With the fifth assessment report soon to be released by the IPCC the pre-publication buzz is well underway. A while ago unauthorised drafts circulated in the blogosphere and now the official leaks have found their way into news editing rooms. A central question picked up by most commentators is the ‘pause in global warming’, the ‘stagnation’, or the ‘hiatus’.An anomaly presents itself for climate science in that model projections about future temperature increases do not concur with actual temperature observations. As expected, comments align with the agendas of the commentators, depending if one wants to defend the official modelling output or criticise it. These agendas are closely linked to policy options and the question if a lower observed temperature trend provides justification for political action on greenhouse gas emissions.
On this blog Hans von Storch expressed optimism as regards the ability of climate science to deal with this anomaly: ‘Eventually, we need to evaluate the different suggestions, but that will need time. No doubt that the scientific community will achieve this.’ Others are quick to pronounce climate science bunk. David Rose wrote in the Daily Mail ‘A leaked copy of the world’s most authoritative climate study reveals scientific forecasts of imminent doom were drastically wrong.’ Hayley Dixon in The Telegraph put it less blatant but still succinct in her opening sentence: ‘A leaked draft of a report by the UN Intergovernmental Panel on Climate Change is understood to concede that the computer predictions for global warming and the effects of carbon emissions have been proved to be inaccurate.’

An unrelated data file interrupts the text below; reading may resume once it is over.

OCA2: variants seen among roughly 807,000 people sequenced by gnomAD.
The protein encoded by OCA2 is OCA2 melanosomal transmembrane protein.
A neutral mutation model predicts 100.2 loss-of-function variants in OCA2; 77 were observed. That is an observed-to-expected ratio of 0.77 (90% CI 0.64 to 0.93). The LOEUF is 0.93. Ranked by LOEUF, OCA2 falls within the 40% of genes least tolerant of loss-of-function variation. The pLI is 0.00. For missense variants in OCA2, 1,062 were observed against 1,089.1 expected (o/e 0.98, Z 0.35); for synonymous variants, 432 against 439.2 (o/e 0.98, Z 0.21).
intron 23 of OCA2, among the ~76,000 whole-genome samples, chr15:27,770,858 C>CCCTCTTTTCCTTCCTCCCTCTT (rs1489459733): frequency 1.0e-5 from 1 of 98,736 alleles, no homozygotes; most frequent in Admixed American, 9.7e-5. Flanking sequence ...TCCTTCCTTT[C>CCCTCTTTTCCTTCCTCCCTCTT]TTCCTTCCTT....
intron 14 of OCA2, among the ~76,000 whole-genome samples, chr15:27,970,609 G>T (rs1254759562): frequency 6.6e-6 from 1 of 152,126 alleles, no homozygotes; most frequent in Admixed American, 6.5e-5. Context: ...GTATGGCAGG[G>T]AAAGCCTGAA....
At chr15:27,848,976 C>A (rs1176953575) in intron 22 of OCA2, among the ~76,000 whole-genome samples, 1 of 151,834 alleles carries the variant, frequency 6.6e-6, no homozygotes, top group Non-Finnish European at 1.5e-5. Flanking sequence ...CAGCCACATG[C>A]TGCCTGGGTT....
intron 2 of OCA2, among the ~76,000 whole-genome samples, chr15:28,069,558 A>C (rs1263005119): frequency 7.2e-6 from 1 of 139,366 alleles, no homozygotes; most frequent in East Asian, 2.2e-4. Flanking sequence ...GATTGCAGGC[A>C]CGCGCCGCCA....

Of course, both papers are on the political right and often skeptical about efforts to curb greenhouse gas emissions. It seems as if this topic is inconvenient for the left leaning papers who support action on climate mitigation. The Guardian so far is silent on the issue and prefers to write about new record lows of Artic Ice coverage. When it looked last at this issue, Fiona Harvey bolstered the heat uptake by the oceans as explanation for the pause in global warming, thus doing away with a potential anomaly. At the same time she claims that climate scientists point out 'that the trend is still upwards, and that the current temperature rises are well within the expected range.' A quick glance at the graph above shows this is an illusion (the grey upper and lower bands are not part of the model prediction range).
Both the Mail and Telegraph quote Myles Allen (Oxford University) who tries to put the IPCC and its work into perspective. Says Allen: ‘we need to look very carefully about what the IPCC does in future… It is a complete fantasy to think that you can compile an infallible or approximately infallible report, that is just not how science works. It is not a bible, it is a scientific review, an assessment of the literature. Frankly both sides are seriously confused on how science works - the critics of the IPCC and the environmentalists who credit the IPCC as if it is the gospel.’